Monday, March 5, 2018

Book Review: The Hate U Give by Angie Thomas

The Hate U Give by Angie Thomas

Published: February 28, 2017

Genre: Young Adult, Contemporary

Hardcover Pages: 464

Synopsis: Sixteen-year-old Starr Carter moves between two worlds: the poor neighborhood where she lives and the fancy suburban prep school she attends. The uneasy balance between these worlds is shattered when Starr witnesses the fatal shooting of her childhood best friend Khalil at the hands of a police officer. Khalil was unarmed.

Soon afterward, his death is a national headline. Some are calling him a thug, maybe even a drug dealer and a gangbanger. Protesters are taking to the streets in Khalil's name. Some cops and the local drug lord try to intimidate Starr and her family. What everyone wants to know is: what really went down that night? And the only person alive who can answer that is Starr.

But what Starr does or does not say could upend her community. It could also endanger her life.

Thoughts: This book is important. It deals with racially charged issues such as police violence against innocent people, as well as gang violence within poor neighborhoods. I wouldn't be surprised if this book is soon taught in schools around the country.

With all of that being said, it took me much longer than it should have to finish it. It's a bit on the long side for what the book is, and moves at a rather slow pace, despite what you may think from the official synopsis above. I felt like I should like it more than I actually did like it, if that makes any sense.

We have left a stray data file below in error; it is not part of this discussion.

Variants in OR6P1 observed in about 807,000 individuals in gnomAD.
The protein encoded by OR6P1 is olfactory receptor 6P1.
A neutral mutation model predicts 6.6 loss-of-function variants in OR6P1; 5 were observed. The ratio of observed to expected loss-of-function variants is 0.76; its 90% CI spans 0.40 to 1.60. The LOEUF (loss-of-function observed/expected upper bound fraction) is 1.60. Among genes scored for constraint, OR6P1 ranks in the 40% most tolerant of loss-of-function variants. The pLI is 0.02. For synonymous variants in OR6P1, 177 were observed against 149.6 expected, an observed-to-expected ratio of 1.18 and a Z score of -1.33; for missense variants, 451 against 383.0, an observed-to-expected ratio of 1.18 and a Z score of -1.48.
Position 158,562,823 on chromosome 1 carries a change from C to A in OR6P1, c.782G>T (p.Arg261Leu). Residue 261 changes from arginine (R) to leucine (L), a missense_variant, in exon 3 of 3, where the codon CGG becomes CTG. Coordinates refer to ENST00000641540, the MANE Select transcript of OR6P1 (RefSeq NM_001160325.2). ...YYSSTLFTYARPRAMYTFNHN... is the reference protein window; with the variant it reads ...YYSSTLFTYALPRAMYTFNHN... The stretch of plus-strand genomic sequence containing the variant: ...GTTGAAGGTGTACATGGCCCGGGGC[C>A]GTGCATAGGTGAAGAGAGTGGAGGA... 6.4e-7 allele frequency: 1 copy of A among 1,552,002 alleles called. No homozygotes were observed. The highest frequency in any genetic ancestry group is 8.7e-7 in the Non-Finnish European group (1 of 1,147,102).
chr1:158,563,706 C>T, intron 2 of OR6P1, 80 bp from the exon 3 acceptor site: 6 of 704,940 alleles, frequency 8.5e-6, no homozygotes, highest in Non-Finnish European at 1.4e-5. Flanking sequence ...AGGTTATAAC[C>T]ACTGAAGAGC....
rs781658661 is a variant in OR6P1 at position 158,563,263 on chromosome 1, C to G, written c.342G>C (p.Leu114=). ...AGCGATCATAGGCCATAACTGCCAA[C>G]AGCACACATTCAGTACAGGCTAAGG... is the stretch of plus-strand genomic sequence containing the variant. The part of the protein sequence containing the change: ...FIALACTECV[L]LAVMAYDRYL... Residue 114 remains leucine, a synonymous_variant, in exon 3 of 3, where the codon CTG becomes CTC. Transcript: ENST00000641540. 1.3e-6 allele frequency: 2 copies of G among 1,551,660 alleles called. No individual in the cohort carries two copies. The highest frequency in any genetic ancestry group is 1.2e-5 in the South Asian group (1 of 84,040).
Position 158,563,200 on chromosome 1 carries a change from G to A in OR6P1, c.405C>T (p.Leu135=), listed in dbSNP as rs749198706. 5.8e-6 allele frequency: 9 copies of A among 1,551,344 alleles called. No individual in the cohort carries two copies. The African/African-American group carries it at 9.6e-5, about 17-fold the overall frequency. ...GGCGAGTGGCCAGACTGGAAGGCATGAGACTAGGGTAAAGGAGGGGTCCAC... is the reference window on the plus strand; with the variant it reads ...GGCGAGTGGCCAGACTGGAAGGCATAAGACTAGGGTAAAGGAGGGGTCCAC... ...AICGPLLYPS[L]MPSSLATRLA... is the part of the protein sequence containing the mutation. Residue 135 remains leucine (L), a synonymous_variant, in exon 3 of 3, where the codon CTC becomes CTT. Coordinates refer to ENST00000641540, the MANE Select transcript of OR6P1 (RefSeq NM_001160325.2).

If I had to pinpoint what about it made it harder than normal for me to get through, I guess it may boil down to the main character, Starr, not having a lot of agency within her own story. Yes, part of the story is about her coming into her own and deciding for herself that she wants to speak up about what happened to her friend. But it does take her a long time to get there, and before that happens, she isn't necessarily the pilot of her own story. What does she want? What are her goals? I'm not entirely sure, and that's what bothered me.

What's interesting, though, is that I could see this somehow being more effective as a film. And I believe it is already being developed. That sounds super strange, I know. I guess what it all boils down to is that it was missing something for me. Certainly it's an important story, and very of the moment, but just because it is all of those things doesn't mean it gripped me and took me into it like other books have.

Rating: 3.5/5

What I'm Reading Next: Gathering Darkness by Morgan Rhodes


  1. I didn't realize how long this one was - that's pretty unusual for a non-fantasy YA, isn't it? As soon as this one becomes available at my library (I've been in line FOREVER), I'm planning to read it. Based on your review, I wonder if part of its acclaim has less to do with the objective excellence of the book and more to do with the absence of other books on this important subject?

    1. Yeah contemporary YA is usually much shorter than fantasy, so it was strange this one was so long. And yes I do think the acclaim may have more to do with the subject matter because you’re right, there aren’t many books about it. It’s certainly an important read, and people should read it, but I personally wasn’t as engaged as I could have been. It felt almost more like nonfiction or something. But maybe you’ll like it more than I did! I’ll be curious to hear your thoughts.